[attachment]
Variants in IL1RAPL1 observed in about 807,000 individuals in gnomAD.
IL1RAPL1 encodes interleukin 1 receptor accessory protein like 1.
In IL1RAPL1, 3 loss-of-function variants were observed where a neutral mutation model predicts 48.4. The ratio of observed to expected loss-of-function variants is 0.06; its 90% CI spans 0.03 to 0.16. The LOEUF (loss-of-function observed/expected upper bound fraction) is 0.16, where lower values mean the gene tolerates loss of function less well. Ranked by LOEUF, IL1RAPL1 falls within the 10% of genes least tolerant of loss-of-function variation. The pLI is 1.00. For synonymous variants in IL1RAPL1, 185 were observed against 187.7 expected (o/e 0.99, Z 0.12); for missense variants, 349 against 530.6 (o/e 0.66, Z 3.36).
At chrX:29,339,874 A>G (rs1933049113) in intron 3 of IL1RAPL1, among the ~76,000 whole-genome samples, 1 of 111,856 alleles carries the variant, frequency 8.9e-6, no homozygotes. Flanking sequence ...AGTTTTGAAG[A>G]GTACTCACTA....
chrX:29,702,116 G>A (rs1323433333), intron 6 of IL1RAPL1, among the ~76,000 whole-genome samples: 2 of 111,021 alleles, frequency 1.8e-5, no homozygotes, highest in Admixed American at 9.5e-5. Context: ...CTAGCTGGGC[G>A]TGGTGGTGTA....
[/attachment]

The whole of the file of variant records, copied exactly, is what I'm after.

Variants in IL1RAPL1 observed in about 807,000 individuals in gnomAD.
IL1RAPL1 encodes interleukin 1 receptor accessory protein like 1.
In IL1RAPL1, 3 loss-of-function variants were observed where a neutral mutation model predicts 48.4. The ratio of observed to expected loss-of-function variants is 0.06; its 90% CI spans 0.03 to 0.16. The LOEUF (loss-of-function observed/expected upper bound fraction) is 0.16, where lower values mean the gene tolerates loss of function less well. Ranked by LOEUF, IL1RAPL1 falls within the 10% of genes least tolerant of loss-of-function variation. The pLI is 1.00. For synonymous variants in IL1RAPL1, 185 were observed against 187.7 expected (o/e 0.99, Z 0.12); for missense variants, 349 against 530.6 (o/e 0.66, Z 3.36).
At chrX:29,339,874 A>G (rs1933049113) in intron 3 of IL1RAPL1, among the ~76,000 whole-genome samples, 1 of 111,856 alleles carries the variant, frequency 8.9e-6, no homozygotes. Flanking sequence ...AGTTTTGAAG[A>G]GTACTCACTA....
chrX:29,702,116 G>A (rs1323433333), intron 6 of IL1RAPL1, among the ~76,000 whole-genome samples: 2 of 111,021 alleles, frequency 1.8e-5, no homozygotes, highest in Admixed American at 9.5e-5. Context: ...CTAGCTGGGC[G>A]TGGTGGTGTA....